Silencing musculoskeletal pain: can we target spontaneously active neurons?


Chronic pain in joints and muscles is one of the leading causes of disability worldwide. The pain killers we have do not work for many people and often have terrible side effects, like addiction in the case of opioids. We therefore urgently need to increase our understanding of what causes chronic muscle and joint pain, to help us develop better treatments.

One particularly promising idea could be to target the nerves that carry sensory information from our body (e.g. touch of the skin) to the spinal cord and brain. The sensory nerve fibres that transmit painful information are meant to be silent unless we injure ourselves. However, in conditions, like osteo- and rheumatoid arthritis, they are known to spontaneously emit signals. This is thought to be an important cause of chronic pain. Indeed, it is believed to be a likely reason for flare-ups and spontaneous pain attacks, which are extremely disruptive to individuals living with arthritis.

Despite this, we understand very little about how these spontaneous signals arise. Most importantly, we do not actually know which type of peripheral nerve fibres (there are many different types) are primarily responsible. Without this information, we cannot develop specific treatments that are aimed just at the malfunctioning nerve fibres.

Our proposal aims to change this. We are working with a recently developed imaging technique that allows us to record spontaneous signals in hundreds of nerve fibres at the same time, rather than having to sample them one-by-one - as was necessary previously. With this technique and other recently developed tools, we can determine exactly which types of nerve fibres develop spontaneous signals in animal models of arthritis. We will then use chemical tools to specifically silence the spontaneous nerve fibres and assess whether this reduces pain in our models.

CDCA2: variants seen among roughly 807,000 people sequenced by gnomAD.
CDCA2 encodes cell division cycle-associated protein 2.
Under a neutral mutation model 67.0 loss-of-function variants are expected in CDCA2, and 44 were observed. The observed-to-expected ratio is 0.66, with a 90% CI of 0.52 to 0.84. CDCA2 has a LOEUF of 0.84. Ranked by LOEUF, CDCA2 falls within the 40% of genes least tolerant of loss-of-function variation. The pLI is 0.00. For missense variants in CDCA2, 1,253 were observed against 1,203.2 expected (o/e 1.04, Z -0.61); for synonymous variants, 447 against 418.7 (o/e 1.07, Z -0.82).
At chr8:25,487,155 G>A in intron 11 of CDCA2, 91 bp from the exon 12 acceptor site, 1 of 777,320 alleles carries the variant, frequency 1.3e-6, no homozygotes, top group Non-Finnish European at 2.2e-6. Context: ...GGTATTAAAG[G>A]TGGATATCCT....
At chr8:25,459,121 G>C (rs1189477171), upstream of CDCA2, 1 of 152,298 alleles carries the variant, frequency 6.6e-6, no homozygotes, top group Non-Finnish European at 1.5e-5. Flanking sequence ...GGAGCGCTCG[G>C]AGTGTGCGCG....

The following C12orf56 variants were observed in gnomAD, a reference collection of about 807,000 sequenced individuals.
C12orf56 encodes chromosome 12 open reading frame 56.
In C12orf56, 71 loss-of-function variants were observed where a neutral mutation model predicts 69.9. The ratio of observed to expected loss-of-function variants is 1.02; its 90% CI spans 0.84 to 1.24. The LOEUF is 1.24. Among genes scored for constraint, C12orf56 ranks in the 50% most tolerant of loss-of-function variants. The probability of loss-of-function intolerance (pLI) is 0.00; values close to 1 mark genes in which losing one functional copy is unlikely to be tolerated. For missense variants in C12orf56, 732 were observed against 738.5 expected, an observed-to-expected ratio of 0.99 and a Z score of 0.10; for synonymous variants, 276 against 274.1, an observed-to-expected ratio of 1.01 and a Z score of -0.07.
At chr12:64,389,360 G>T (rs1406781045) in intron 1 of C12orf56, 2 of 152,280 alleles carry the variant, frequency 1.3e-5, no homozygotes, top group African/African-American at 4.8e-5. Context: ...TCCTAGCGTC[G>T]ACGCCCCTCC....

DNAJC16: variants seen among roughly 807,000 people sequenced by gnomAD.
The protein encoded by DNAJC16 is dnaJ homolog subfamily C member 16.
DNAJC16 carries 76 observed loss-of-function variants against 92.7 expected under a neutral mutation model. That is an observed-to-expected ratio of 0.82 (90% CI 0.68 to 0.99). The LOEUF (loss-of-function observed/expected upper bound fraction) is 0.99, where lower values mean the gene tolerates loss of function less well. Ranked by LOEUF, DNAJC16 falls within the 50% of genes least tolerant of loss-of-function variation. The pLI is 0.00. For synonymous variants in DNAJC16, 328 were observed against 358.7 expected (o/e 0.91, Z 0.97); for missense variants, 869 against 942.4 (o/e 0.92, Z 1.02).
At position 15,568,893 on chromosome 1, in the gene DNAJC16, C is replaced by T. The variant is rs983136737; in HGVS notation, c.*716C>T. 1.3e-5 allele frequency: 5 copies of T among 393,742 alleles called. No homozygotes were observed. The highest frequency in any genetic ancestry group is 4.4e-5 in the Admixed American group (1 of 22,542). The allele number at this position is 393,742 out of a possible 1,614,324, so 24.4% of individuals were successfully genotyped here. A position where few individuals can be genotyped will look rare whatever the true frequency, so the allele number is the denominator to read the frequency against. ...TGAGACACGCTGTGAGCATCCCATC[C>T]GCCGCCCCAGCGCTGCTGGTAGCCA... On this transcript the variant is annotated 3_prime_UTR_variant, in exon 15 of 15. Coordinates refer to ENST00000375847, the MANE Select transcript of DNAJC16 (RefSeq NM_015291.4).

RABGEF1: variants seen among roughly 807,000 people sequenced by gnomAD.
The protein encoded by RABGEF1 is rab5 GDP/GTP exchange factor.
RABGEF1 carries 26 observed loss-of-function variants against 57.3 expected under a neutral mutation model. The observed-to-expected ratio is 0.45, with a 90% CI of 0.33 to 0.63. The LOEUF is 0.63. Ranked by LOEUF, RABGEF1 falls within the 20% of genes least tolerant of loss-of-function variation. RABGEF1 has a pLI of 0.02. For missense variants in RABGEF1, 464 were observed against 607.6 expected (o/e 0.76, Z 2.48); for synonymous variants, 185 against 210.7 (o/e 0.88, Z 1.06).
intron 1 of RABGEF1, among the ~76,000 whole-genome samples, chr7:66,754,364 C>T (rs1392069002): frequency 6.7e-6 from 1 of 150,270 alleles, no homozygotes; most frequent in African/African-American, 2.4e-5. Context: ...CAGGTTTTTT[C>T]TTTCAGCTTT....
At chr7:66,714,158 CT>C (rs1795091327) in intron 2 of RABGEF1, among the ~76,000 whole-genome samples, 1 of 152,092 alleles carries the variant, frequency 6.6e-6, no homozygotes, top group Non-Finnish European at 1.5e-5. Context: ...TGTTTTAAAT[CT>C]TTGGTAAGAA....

At the end of our work, we will have fully characterised the peripheral nerve fibres which are responsible for spontaneous pain. We will share this information with drug companies to help their efforts to develop the improved pain killers that millions of individuals so desperately need.

Technical Summary

Musculoskeletal pain conditions are a leading cause of disability and are poorly treated by existing analgesic medications. We know that pain in these conditions can be effectively treated by blocking sensory afferent input in the periphery. This is evidenced, for example, by the acute analgesic effects of local anaesthetic block or by the attenuation of pain following joint replacements in osteoarthritis. However, a non-selective block of all afferent fibres (e.g. via perineural local anaesthetic application) is not viable due to safety concerns. Thus, our proposal will focus on determining which peripheral afferents become sensitised in musculoskeletal pain to facilitate the development of more targeted analgesic treatments. We will focus on spontaneous sensory neuron activity because this has been recorded from nociceptors of individuals living with chronic musculoskeletal pain, as well as in animal models.

Our proposal will use cutting-edge optical imaging technologies, which allow the study of spontaneous firing in afferents in models of musculoskeletal pain. We will identify which types of sensory neurons become spontaneously active using a combination of functional, anatomical and genetic strategies. Once we have identified the major subpopulation of neurons where spontaneous activity resides, we will use a chemogenetic strategy to silence this population and will assess impact on pain behaviours. To understand the relationship between spontaneous activity and rodent behaviour in musculoskeletal pain, we will optimise the use of Miniscopes, so that we can record activity from DRG neurons in freely behaving awake animals.

Our proposal will reveal which sensory neuron class we should target in order to eliminate spontaneous activity and consequent pain behaviours. This will help refine any analgesic drug development strategies that are currently being developed for the treatment of musculoskeletal pain.